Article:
JAKARTA, July 25 (Reuters) - Indonesia approved a new regulation easing the export tax on mineral concentrates for miners planning to build a smelter in Southeast Asia’s largest economy, a finance ministry official said on Friday.
“The finance ministry regulation on the export tax has been signed,” said Deputy Finance Minister Bambang Brodjonegoro.
In January, Indonesia imposed an escalating tax policy, which penalised any company which had not made progress on building a smelter by slapping them with a 25 percent tax on copper concentrate exports or a 20 percent tax on lead, zinc, iron and manganese shipments. The tax was due to increase annually to 60 percent in 2017.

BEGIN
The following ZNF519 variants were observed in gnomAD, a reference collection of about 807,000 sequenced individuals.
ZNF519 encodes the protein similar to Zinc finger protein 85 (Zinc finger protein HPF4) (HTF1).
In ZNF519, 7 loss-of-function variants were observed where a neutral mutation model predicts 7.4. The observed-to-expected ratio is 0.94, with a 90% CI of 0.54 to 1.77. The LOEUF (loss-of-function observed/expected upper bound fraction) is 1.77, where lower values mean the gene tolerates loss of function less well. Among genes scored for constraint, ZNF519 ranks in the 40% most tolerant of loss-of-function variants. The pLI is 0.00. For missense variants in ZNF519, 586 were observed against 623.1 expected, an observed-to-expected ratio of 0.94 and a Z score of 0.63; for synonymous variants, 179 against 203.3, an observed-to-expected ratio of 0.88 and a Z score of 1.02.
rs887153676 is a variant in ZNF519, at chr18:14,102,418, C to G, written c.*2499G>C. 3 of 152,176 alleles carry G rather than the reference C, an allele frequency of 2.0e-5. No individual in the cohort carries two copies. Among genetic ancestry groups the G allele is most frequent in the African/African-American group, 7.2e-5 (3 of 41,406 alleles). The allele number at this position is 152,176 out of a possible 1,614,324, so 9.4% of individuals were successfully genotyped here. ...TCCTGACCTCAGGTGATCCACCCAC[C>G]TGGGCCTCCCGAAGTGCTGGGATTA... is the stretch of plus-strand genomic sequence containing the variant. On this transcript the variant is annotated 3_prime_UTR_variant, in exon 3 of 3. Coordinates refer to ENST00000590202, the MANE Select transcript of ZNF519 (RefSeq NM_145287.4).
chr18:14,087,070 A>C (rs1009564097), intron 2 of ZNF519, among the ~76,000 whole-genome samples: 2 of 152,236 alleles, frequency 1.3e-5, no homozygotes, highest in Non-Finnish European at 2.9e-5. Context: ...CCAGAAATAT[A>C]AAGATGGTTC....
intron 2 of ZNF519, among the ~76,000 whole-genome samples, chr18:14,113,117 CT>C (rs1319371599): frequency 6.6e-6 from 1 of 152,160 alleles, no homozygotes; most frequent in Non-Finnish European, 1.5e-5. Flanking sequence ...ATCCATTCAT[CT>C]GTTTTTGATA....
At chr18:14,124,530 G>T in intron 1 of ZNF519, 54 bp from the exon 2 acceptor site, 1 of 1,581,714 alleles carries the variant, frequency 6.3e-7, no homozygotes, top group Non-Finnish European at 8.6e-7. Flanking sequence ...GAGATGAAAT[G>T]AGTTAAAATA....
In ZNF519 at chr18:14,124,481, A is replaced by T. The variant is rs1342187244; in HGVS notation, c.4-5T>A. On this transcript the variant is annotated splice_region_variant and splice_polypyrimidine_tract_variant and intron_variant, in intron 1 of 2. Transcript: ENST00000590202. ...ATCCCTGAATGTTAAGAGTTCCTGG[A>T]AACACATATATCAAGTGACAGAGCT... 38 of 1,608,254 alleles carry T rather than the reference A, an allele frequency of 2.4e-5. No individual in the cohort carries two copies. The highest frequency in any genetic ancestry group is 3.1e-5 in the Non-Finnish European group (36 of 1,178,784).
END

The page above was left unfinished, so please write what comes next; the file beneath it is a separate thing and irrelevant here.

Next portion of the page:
The tax was intended to force miners to develop smelters and mineral processing facilities and part of a government push to derive bigger returns from Indonesia’s mineral resources. But rather than pay it, most miners stopped exporting from Southeast Asia’s biggest economy and one of the world’s top mineral producers.
The government also banned the export of unprocessed ore, and that ban will remain in place. (Reporting by Adriana Nina Kusuma; Writing by Randy Fabi, editing by William Hardy)